While alcohol has become a popular mainstay at events like weddings, professional sports games, and college parties, drinking carries the risk of addiction. If you constantly need to drink in order to feel normal or regularly feel guilty about your drinking, you may wonder am I an alcoholic? Alcohol, like other psychoactive substances, can lead to physical and psychological dependence. Alcoholism begins with your first drink. While not everyone who drinks develops a drinking problem, more than 1 out of every 4 Americans ages 12 or older regularly engages in binge drinking.
Binge drinking means consuming four or more drinks in two hours or less if you’re a woman, and five drinks or more in two hours or less if you’re a man. The reason binge drinking is so dangerous is that it can lead to alcohol poisoning and liver damage because your liver is only able to process one serving of alcohol every 90 minutes.
Am I an Alcoholic?
If you ever ask yourself am I an alcoholic, you likely have an alcohol misuse disorder or alcoholism. During alcoholism, you compulsively drink even if you want to stop or deal with serious negative consequences as a result of your drinking. Even when you understand that drinking is causing serious problems in your life, alcoholism makes it hard to control your drinking. Eventually, alcoholism can lead to complete physical dependency.
When you abuse alcohol, your brain chemistry changes because of your pleasure and reward center associate’s alcohol with pleasure. Once this happens, your brain positively reinforces your drinking by only releasing pleasurable neurotransmitters when you drink and restricting their release when you’re sober. You can also encounter powerful cravings, especially when you’re exposed to people, places, or things that remind you of alcohol. Cravings and triggers can make it almost impossible to recover without help from an inpatient or outpatient alcohol rehab center.
If you are still wondering am I an alcoholic, experiencing detox symptoms when you quit drinking is an obvious sign of alcoholism. Unfortunately, alcohol withdrawal symptoms are serious and oftentimes require help from a medical detox center.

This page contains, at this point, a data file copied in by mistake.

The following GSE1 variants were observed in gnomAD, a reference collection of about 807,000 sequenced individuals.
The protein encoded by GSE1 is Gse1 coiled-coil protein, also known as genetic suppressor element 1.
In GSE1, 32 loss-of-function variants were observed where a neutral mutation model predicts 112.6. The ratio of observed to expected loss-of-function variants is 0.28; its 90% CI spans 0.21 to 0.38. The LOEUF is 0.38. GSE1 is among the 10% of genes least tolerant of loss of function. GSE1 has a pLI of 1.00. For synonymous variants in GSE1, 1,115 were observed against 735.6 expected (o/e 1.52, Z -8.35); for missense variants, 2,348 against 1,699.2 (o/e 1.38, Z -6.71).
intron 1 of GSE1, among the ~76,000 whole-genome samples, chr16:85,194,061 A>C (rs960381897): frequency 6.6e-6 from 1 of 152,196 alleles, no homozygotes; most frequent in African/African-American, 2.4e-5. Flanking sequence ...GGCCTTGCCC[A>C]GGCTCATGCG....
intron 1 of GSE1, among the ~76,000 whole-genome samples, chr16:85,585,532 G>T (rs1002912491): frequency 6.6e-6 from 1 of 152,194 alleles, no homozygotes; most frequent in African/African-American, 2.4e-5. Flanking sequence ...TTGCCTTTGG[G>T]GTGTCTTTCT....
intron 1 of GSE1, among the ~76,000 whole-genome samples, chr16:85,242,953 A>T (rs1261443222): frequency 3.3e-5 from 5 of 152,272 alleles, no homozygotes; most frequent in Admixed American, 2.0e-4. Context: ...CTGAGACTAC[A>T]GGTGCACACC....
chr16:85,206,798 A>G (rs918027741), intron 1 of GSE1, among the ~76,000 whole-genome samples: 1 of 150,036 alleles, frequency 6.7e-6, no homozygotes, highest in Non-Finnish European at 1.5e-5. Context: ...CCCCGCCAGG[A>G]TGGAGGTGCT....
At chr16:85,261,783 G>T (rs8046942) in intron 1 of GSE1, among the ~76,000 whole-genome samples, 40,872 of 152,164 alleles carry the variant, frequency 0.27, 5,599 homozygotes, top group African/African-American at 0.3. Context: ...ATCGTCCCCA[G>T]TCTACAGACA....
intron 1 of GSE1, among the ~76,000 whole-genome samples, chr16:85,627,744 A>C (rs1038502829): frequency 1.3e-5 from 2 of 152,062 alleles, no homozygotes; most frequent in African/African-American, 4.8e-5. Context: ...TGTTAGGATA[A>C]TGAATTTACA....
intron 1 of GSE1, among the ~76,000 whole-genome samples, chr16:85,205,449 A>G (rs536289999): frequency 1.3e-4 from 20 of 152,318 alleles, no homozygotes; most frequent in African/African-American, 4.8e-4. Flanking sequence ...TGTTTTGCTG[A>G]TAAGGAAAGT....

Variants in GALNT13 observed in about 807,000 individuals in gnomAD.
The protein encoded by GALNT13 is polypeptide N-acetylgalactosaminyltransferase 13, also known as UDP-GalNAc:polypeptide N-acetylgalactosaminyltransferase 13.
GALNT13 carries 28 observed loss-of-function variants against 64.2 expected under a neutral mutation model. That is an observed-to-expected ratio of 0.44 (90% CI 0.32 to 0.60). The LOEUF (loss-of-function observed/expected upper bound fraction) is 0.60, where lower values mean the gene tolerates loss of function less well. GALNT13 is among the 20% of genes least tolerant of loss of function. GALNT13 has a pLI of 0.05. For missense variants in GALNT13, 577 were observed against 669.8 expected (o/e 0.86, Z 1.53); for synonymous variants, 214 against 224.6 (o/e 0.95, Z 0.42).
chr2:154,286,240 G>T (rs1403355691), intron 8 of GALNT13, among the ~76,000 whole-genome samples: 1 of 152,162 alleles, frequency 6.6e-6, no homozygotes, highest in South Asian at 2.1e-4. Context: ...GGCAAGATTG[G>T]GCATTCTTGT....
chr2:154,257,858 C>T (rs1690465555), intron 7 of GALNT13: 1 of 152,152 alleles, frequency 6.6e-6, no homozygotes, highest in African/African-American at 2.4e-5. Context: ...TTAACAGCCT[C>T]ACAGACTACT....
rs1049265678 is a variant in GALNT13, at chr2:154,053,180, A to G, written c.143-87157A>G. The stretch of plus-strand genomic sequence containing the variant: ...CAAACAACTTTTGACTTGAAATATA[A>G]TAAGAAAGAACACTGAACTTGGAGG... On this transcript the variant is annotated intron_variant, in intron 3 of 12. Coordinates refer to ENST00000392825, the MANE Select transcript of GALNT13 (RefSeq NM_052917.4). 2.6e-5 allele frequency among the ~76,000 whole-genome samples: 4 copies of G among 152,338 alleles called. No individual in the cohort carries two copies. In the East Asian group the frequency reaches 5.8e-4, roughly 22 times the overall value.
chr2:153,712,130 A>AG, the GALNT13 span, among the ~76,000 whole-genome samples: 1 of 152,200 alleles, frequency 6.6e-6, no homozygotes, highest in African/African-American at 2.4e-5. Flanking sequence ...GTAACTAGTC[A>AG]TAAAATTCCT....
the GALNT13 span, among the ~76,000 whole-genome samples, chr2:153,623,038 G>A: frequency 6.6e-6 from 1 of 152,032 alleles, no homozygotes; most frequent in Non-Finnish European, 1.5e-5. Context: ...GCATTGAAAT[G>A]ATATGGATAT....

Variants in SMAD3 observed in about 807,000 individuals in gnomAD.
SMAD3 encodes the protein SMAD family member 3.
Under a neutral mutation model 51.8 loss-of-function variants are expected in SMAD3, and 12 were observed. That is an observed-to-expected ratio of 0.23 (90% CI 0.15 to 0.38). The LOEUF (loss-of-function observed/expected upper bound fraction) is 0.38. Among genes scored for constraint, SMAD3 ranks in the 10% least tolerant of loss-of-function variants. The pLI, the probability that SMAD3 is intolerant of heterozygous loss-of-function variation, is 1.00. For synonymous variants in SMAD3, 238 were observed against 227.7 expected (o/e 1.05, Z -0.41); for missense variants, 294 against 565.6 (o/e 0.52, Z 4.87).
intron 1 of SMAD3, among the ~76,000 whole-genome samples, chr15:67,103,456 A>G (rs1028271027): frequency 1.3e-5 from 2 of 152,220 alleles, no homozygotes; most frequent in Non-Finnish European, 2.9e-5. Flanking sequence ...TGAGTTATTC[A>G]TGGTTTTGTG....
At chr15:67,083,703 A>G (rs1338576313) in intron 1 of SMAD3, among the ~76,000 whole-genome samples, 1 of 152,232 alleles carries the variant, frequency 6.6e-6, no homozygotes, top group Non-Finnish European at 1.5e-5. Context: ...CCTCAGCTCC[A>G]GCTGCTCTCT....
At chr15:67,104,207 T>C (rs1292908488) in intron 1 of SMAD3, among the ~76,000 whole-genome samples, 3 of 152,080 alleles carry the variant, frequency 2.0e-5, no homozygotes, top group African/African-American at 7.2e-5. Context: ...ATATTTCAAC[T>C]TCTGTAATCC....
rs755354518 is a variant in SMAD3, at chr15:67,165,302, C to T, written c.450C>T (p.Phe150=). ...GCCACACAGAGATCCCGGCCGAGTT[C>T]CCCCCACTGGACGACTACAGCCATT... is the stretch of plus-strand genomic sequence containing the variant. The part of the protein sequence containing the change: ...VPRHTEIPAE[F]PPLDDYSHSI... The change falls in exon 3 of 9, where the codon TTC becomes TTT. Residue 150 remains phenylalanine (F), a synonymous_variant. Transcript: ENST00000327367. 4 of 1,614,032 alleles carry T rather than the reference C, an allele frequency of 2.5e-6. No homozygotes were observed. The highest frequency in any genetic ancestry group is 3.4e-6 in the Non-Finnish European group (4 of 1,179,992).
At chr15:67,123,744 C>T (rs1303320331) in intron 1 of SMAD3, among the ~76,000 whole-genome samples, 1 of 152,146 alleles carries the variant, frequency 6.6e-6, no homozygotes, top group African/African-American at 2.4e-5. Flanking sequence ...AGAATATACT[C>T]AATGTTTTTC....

Alcohol withdrawal symptoms can begin within hours of your last drink and can cause:
- Delirium tremors and seizures
- Changes to your heart rate, breathing, and body temperature
- Shakes, tremors, and sweats
- Nausea and vomiting
- Confusion, disorientation, and mood changes
How Alcoholism is Treated
Alcoholism requires treatment because of the major changes it causes to your brain chemistry and physical health. Malnutrition is also a common complication of alcoholism, meaning that proper dieting is an essential element of your recovery. When you decide to reach out for help, you can choose to complete an inpatient or outpatient alcohol rehab program.
An inpatient alcohol rehab program provides the highest level of care, which makes it an excellent option if you have a severe case of alcoholism, co-occurring disorder, or a lengthy history of alcoholism or addiction. Most inpatient programs last for four weeks. Following inpatient treatment, which usually starts after your complete detox, you can choose to attend an outpatient program to further support your recovery.
Adjusting to life after rehab can be challenging, which is why it’s important to set up outpatient care before your complete an inpatient program.
Reaching Out for Treatment Today
If your drinking makes you wonder am I an alcoholic, chances are you are struggling to control or stop your drinking. Unfortunately, alcohol can lead to serious physical dependency, which almost always requires help from an inpatient or outpatient treatment center. Treatment ensures that you have the support, guidance, and understanding you need to recover. Call us today at 1.844.675.1628 to find out more about our alcohol treatment programs and how we can help you find sobriety.